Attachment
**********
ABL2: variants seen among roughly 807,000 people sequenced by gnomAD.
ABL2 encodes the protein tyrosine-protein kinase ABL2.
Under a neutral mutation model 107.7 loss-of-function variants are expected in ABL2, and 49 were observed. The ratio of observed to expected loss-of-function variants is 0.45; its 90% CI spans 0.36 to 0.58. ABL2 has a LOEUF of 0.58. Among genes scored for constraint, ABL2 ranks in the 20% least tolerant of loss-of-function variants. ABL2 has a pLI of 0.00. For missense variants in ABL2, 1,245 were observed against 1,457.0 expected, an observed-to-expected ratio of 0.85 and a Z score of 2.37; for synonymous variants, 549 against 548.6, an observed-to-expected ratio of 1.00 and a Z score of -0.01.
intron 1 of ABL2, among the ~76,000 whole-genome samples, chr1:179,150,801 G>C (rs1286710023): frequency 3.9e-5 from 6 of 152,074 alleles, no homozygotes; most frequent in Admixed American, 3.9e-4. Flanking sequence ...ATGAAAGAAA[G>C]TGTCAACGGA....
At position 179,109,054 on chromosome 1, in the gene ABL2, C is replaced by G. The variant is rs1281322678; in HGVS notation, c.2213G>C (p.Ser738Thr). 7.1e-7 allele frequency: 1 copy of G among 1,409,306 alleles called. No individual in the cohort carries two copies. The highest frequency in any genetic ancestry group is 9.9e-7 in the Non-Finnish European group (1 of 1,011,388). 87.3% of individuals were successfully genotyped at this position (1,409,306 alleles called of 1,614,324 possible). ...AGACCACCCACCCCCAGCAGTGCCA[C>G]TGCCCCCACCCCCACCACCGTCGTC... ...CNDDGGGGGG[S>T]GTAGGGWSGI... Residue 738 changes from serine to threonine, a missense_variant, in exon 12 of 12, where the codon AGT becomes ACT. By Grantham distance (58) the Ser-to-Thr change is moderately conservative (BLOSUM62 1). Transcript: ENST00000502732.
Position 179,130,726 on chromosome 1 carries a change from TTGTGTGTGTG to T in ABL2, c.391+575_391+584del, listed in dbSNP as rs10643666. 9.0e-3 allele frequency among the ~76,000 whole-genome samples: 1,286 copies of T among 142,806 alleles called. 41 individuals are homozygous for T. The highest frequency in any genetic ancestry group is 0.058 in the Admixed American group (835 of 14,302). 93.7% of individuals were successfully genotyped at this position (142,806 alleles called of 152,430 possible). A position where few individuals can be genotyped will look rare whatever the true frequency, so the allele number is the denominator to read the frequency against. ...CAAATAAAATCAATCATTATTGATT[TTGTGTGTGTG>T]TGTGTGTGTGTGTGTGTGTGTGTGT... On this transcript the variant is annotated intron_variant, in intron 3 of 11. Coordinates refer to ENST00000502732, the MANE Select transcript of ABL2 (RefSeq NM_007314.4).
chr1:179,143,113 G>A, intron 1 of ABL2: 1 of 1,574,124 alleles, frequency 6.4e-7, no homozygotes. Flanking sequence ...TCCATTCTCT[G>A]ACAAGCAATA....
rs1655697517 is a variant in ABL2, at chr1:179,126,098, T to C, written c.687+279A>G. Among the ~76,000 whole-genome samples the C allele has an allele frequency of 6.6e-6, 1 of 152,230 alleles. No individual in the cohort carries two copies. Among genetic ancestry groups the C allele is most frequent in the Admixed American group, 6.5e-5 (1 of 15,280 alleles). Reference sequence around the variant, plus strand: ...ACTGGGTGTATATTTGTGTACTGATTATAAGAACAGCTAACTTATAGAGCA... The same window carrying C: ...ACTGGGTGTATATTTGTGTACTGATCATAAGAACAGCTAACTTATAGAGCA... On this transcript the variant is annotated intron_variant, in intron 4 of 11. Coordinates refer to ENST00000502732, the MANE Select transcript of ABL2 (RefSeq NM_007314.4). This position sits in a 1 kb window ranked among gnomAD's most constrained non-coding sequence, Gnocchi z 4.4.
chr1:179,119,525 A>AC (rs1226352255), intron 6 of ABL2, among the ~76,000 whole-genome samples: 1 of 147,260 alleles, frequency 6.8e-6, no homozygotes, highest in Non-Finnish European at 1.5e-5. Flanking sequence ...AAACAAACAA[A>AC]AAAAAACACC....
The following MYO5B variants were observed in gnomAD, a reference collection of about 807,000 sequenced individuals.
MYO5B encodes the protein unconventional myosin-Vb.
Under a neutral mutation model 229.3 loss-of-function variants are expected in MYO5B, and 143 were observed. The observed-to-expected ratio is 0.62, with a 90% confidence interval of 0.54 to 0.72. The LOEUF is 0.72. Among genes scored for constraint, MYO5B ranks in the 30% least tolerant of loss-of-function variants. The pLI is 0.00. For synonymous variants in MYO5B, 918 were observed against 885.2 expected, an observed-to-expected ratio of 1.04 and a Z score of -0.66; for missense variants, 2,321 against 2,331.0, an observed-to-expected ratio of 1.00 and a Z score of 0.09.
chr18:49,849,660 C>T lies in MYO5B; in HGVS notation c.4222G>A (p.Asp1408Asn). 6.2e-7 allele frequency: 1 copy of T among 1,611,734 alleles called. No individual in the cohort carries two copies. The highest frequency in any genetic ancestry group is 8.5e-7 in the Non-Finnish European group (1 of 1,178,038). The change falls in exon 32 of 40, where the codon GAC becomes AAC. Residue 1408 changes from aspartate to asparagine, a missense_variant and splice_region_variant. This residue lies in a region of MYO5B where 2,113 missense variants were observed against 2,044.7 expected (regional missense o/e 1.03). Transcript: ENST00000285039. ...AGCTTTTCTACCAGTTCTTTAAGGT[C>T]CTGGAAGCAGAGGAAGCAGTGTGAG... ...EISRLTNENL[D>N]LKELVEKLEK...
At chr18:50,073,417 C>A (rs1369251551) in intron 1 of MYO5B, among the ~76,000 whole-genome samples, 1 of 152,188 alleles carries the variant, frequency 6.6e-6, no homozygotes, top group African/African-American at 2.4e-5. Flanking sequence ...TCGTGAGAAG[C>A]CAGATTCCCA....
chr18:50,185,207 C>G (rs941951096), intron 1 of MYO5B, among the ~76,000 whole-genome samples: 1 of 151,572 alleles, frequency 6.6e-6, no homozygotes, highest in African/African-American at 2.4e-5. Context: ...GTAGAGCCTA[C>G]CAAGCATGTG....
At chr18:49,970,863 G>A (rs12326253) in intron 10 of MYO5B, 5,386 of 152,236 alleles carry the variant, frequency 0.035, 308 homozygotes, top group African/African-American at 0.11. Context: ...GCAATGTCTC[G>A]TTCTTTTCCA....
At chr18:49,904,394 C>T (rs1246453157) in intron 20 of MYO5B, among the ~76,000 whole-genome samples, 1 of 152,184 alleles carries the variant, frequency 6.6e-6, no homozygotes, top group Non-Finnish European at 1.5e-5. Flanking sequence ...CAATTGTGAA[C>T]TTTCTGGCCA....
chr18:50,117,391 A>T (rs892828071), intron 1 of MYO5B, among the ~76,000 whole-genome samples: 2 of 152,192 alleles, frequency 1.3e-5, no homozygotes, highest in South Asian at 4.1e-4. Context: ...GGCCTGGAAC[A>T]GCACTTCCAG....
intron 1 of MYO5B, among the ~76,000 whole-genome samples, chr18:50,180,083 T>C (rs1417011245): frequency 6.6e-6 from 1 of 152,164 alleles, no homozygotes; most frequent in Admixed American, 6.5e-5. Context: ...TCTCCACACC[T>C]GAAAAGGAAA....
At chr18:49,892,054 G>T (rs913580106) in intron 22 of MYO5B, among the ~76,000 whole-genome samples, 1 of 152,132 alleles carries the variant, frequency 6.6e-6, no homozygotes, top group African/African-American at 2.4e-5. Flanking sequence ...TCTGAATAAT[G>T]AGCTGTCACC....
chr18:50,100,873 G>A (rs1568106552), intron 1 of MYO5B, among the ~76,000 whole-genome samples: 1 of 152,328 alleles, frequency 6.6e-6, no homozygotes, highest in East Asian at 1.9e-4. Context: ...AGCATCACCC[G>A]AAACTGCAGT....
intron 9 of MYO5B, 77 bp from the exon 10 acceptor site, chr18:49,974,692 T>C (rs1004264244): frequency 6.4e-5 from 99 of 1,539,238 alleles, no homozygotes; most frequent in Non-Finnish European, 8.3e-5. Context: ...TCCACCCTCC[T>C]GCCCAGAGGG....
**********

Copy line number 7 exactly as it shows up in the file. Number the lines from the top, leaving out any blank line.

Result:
chr1:179,143,113 G>A, intron 1 of ABL2: 1 of 1,574,124 alleles, frequency 6.4e-7, no homozygotes. Flanking sequence ...TCCATTCTCT[G>A]ACAAGCAATA....